Date of Award


Document Type

Independent Study

Degree Name

Master of Science (MS)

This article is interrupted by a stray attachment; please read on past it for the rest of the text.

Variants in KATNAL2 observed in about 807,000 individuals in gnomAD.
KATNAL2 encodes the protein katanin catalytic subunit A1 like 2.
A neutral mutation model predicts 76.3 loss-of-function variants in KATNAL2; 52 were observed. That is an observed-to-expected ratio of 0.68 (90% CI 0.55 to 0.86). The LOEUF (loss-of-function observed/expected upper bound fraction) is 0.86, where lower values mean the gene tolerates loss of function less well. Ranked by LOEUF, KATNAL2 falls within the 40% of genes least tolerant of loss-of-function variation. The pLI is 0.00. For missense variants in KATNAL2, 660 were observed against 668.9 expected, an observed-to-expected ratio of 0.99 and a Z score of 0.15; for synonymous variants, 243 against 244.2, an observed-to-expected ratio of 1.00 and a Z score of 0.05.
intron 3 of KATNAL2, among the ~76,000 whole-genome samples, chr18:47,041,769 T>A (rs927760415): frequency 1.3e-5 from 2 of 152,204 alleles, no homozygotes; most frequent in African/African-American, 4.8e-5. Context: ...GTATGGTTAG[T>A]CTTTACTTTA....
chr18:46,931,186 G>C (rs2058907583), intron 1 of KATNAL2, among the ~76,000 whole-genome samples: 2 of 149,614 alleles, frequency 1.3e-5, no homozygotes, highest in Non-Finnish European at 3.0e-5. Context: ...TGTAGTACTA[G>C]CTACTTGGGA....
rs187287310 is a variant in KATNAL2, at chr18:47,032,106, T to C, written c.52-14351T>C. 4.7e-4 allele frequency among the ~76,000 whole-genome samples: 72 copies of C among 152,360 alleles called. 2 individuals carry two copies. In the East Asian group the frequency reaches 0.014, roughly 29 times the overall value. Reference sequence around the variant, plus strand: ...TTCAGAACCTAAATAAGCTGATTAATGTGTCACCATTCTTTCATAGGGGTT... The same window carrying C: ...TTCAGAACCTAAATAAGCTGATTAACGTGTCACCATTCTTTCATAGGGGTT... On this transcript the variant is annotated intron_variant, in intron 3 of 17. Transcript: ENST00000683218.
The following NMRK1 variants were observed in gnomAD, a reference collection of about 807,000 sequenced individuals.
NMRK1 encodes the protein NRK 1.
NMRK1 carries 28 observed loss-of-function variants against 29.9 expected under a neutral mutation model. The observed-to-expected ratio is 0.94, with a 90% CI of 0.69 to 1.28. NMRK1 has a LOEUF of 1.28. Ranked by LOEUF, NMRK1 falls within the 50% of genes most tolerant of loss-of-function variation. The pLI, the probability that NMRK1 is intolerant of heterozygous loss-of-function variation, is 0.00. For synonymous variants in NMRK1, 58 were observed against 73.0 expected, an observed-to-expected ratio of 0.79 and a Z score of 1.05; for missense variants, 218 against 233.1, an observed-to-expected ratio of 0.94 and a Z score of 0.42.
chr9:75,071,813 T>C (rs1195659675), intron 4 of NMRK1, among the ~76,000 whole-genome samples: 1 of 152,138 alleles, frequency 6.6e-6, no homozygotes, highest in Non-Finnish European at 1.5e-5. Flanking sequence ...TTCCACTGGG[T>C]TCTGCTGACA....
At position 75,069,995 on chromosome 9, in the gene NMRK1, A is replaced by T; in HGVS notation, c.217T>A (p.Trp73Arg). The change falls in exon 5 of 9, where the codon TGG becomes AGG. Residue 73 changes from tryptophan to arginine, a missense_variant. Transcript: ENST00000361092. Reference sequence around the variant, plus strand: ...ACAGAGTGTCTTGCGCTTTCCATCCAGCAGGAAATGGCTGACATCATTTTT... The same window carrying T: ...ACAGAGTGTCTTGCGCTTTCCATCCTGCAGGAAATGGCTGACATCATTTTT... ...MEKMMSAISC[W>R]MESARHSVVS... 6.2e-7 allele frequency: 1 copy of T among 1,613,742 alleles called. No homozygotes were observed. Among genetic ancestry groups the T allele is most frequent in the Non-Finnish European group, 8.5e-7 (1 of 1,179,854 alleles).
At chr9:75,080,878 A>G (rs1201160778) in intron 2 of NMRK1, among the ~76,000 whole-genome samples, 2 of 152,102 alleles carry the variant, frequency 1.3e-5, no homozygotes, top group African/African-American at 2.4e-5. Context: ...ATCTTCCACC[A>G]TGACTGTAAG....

Neurosurgical procedures continue to be a challenging and intricate part of an anesthesia provider’s career. The anesthesia provider can control the physiological effects of improper auto-regulation of the brain that can occur with abnormal neurological pathology. The control of hyperventilation is one way that the anesthesia provider can manipulate cerebral physiology. This paper addresses the physiology of impaired brain autoregulation and the role in which carbon dioxide affects that physiology. Simply stated, carbon dioxide (C02) is the number one physiological factor that controls cerebral blood flow; increasing C02 dilates cerebral vessels thus increasing flow while decreasing C02 constricts cerebral vessels hence decreasing cerebral flow and intracranial pressure. Yet, decreasing blood flow also decreases oxygen transport, which is placing the brain at increased risk for continuing ischemia. Numerous research studies were critiqued regarding the usage of hyperventilation in neurosurgery. These findings were than compared and contrasted with pertinent findings discussed within the body of this paper. Overwhelming support dictates judicious usage of hyperventilation under anesthesia and suggests maintaining end tidal carbon dioxide levels no lower that 28-30mmHg to prevent decreasing oxygen flow at a time where it is greatly needed. A summary of pertinent findings is printed within the appendix of this paper. This paper concludes with implications for nursing research, practice, education, and policy development.